Eye Care Services
Earlier this year, the health and care system in Shropshire, Telford and Wrekin embarked on a programme of work to transform local eye care services.
The aim is to provide effective eye care services that are more joined up so that adults and children get the best care possible when and where they need it.
We ran several engagement activities that enabled us to capture valuable insight, including a public survey, community outreach and a series of workshops.
While most people told us that they had had a good experience of our services, we also heard about areas that could be improved.
Thank you to everyone who took the time to talk to us and share their views and experiences. All this rich insight will help us design a model that best meets the needs and wishes of our population.
The programme team is now using all the learning gathered to design the future model and will be seeking further feedback on any proposed changes later this year.
Meet some of the programme team:
From left to right: Claire Roberts (clinical lead); Marie-Claire Wigley; Lucy Jones; and Barrie Reis-Seymour
Nationally, the NHS is experiencing significant pressure and high levels of demand for elective care, with around 1.7 million patients referred for elective consultant-led treatment every month. To meet this growing demand, the redesign of elective care services is a must-do for every local health and care system.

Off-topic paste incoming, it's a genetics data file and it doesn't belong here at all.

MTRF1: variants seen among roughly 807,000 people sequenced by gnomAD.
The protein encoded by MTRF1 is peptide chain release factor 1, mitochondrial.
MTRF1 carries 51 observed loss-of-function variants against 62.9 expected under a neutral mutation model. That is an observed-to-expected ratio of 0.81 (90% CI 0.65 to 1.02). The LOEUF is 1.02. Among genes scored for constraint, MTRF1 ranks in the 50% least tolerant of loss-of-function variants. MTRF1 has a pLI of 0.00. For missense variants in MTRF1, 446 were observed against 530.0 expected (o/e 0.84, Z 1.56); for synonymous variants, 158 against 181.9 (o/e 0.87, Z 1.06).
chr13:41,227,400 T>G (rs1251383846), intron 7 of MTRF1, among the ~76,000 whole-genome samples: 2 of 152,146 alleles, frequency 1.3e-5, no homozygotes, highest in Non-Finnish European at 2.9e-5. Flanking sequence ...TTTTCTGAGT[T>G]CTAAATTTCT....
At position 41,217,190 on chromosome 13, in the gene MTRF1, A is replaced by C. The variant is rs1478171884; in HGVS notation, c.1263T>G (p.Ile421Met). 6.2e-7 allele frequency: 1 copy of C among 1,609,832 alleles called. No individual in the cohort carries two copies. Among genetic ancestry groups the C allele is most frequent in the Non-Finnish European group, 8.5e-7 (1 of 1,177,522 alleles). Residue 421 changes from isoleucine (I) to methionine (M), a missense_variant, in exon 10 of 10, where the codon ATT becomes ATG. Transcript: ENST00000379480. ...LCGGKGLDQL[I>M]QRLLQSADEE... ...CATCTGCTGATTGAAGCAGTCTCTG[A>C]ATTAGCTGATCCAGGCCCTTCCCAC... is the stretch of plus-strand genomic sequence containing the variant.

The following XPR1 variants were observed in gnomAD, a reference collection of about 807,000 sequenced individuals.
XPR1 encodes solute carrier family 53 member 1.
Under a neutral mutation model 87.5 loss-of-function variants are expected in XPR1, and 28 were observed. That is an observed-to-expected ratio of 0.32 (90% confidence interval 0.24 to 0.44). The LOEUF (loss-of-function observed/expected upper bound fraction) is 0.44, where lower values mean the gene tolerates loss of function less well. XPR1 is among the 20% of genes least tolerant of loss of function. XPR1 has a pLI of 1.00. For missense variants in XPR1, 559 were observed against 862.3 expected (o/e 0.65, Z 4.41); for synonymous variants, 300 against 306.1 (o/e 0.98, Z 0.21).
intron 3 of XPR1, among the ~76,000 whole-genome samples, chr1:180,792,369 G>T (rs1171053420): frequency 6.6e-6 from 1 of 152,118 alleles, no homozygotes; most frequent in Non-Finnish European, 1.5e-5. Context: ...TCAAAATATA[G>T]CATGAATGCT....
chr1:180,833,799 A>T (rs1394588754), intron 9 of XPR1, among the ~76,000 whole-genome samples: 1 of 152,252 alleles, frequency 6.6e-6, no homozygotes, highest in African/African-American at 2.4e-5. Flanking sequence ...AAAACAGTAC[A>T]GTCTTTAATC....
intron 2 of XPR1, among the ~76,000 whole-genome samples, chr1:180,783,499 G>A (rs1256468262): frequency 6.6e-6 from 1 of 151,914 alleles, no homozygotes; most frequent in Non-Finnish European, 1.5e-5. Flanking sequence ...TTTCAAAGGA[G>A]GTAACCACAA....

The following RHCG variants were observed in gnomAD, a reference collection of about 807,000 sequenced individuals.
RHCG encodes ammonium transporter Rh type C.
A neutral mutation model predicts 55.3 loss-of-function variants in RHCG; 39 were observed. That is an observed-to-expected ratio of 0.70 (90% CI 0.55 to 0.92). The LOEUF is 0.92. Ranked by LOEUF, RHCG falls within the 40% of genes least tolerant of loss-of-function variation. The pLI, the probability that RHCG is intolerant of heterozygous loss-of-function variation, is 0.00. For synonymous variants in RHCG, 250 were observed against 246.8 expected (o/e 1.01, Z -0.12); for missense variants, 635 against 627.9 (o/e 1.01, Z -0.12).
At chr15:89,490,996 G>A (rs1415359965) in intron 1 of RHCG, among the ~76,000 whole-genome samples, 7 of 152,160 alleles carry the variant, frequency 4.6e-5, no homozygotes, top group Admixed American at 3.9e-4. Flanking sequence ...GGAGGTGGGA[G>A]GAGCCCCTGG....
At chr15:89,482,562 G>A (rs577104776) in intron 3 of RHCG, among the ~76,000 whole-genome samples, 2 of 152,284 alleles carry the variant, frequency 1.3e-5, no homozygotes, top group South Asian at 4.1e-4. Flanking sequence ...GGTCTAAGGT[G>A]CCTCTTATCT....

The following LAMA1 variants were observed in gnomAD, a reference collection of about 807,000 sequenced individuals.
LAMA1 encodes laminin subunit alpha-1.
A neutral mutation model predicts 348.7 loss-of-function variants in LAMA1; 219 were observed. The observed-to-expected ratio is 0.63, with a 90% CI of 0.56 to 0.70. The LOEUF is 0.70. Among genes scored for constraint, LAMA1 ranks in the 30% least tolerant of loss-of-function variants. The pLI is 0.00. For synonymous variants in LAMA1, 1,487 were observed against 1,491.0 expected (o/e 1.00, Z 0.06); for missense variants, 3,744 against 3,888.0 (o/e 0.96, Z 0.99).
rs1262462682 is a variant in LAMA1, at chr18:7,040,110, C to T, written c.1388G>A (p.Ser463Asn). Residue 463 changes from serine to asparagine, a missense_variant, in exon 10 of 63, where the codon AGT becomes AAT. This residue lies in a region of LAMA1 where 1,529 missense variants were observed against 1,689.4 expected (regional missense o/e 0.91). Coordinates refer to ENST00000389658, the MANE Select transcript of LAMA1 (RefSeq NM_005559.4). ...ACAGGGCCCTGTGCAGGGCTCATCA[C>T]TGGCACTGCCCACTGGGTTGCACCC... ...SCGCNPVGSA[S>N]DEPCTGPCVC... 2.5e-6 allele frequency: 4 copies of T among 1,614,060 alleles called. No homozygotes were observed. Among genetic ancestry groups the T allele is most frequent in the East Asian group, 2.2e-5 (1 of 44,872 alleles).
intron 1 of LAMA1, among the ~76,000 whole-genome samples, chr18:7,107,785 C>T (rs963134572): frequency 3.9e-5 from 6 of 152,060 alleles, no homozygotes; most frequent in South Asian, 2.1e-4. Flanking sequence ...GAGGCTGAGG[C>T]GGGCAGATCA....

The NHS Long Term Plan ambition to avoid unnecessary face to face outpatient attendances has become an urgent priority as we respond to Covid19 and restore services.
The plan clarifies the direction for health and care over the next ten years, including the importance of transforming outpatient services.
It sets out the need to remove up to a third of hospital outpatient attendances a year by 2023/24, avoiding additional expenditure and ensuring all patients can access digital outpatient care.
Our Eye Health Needs Assessment (EHNA 2019) highlights significant growth in cataract, glaucoma and age-related macular degeneration (AMD) due to an ageing population, with a projected rise in AMD and cataract of over 55% between 2016 and 2030.
We need to find solutions capable of meeting current and future demand for eye care services.
This programme of transformation will bring together national recommendations from the NHSEI Ophthalmology Elective Care Handbook, NHSEI Eye-care Restoration roadmap and Eye-care Planning Implementation Guidance. These include:
better use of technology
identifying patients who are at risk of developing eye conditions
better use of data to track where people are in the pathway
optimising the role of optometrists as first contact practitioners
more joined up services.
This programme is also aligned with our system pledges:
improving safety & quality
integrating services at place and neighbourhood level
tackling health inequalities and access to health
climate change – reducing the need for travel to hospital for appointments
enhanced engagement and accountability through full public and clinical involvement and engagement
workforce and system leadership.